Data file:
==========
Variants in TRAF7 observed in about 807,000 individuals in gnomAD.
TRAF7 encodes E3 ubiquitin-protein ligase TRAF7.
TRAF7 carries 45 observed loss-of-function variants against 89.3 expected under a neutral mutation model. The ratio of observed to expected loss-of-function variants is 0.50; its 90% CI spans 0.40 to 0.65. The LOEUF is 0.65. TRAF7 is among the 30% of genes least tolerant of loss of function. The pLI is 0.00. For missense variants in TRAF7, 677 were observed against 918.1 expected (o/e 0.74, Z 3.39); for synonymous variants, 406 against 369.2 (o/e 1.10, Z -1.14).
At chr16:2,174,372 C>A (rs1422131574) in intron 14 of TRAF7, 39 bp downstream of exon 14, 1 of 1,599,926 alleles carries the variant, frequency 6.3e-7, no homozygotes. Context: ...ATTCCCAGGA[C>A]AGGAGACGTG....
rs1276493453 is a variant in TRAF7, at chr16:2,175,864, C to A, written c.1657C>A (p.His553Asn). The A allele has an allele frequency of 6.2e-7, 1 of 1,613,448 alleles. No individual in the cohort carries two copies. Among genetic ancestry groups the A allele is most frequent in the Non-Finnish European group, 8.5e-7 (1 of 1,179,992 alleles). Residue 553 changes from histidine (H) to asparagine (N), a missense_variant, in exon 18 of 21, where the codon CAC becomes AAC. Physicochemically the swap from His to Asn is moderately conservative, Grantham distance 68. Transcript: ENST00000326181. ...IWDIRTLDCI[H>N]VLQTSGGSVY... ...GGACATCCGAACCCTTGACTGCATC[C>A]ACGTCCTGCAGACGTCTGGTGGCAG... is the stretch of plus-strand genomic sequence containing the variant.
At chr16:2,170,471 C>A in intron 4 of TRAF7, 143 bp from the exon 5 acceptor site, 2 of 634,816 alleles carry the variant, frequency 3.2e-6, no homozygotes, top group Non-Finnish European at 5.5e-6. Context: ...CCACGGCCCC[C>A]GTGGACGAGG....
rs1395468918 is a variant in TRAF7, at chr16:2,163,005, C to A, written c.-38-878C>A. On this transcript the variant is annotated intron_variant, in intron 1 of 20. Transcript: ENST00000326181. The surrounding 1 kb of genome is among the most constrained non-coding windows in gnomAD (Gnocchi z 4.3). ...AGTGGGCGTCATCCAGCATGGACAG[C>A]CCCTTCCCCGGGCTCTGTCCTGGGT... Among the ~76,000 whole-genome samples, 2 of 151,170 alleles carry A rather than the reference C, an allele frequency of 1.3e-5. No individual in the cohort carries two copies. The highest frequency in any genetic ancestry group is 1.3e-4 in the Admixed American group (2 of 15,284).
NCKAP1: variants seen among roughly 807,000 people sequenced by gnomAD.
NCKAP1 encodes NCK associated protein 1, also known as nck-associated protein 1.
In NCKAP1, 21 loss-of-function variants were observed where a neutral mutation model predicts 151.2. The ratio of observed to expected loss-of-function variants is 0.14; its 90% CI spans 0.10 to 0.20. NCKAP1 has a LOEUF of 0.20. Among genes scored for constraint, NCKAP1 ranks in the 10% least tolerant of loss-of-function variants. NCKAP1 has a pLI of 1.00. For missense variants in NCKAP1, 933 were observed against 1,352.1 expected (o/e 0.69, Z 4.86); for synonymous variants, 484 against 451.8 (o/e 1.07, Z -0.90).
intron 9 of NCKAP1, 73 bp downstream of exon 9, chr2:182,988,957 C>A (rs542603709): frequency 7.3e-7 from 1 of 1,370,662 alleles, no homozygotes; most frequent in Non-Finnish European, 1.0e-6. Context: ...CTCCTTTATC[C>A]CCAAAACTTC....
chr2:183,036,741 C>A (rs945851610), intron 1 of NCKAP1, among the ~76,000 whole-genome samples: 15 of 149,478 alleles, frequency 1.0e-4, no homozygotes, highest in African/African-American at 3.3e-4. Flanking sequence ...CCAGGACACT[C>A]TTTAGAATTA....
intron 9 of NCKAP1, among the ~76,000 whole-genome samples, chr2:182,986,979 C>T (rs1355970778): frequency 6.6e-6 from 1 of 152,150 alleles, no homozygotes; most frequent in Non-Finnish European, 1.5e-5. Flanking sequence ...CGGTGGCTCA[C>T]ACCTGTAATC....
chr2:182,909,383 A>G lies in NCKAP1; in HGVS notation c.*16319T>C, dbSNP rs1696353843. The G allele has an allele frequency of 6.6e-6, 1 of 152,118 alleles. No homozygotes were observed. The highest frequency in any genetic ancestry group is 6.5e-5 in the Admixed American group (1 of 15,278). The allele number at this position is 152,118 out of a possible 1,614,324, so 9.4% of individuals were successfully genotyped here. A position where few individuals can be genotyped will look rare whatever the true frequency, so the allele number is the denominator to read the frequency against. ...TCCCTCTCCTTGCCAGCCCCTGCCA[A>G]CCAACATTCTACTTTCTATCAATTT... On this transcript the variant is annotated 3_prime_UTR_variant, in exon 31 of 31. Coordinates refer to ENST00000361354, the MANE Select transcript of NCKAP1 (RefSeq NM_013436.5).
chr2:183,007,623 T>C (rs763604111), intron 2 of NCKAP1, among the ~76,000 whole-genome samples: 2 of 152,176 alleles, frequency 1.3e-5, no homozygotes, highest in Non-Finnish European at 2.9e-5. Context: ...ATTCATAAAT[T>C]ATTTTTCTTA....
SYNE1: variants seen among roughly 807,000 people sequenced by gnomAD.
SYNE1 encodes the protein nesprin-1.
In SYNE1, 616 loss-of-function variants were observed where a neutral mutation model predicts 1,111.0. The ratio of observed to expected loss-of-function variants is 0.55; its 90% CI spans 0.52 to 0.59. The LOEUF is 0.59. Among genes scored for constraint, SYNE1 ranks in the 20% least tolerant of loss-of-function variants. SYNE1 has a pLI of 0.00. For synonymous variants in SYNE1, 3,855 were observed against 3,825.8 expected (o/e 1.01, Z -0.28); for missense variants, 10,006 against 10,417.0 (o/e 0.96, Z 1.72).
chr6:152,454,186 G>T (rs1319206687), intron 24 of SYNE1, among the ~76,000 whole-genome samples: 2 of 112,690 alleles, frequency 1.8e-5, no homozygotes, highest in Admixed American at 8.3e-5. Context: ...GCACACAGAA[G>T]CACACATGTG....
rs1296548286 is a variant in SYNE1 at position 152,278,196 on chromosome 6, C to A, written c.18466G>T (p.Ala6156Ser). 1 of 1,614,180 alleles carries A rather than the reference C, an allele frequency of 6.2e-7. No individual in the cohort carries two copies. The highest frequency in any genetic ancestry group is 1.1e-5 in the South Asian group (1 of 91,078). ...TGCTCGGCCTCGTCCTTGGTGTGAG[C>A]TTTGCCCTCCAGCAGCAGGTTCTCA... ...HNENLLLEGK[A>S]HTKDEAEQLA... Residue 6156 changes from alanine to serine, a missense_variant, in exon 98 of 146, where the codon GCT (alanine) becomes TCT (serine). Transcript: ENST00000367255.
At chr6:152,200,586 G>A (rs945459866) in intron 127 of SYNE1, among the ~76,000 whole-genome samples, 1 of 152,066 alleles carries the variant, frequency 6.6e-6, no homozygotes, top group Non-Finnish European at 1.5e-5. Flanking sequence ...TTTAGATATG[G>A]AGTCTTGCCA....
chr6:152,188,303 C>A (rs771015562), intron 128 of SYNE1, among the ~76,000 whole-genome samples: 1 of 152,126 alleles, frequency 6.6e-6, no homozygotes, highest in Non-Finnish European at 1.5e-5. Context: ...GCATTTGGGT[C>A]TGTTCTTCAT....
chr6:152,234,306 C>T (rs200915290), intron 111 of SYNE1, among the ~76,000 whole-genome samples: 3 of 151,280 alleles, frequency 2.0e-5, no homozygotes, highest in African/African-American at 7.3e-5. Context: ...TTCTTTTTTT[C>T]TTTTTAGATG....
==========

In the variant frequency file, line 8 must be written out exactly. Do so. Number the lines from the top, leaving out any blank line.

NCKAP1: variants seen among roughly 807,000 people sequenced by gnomAD.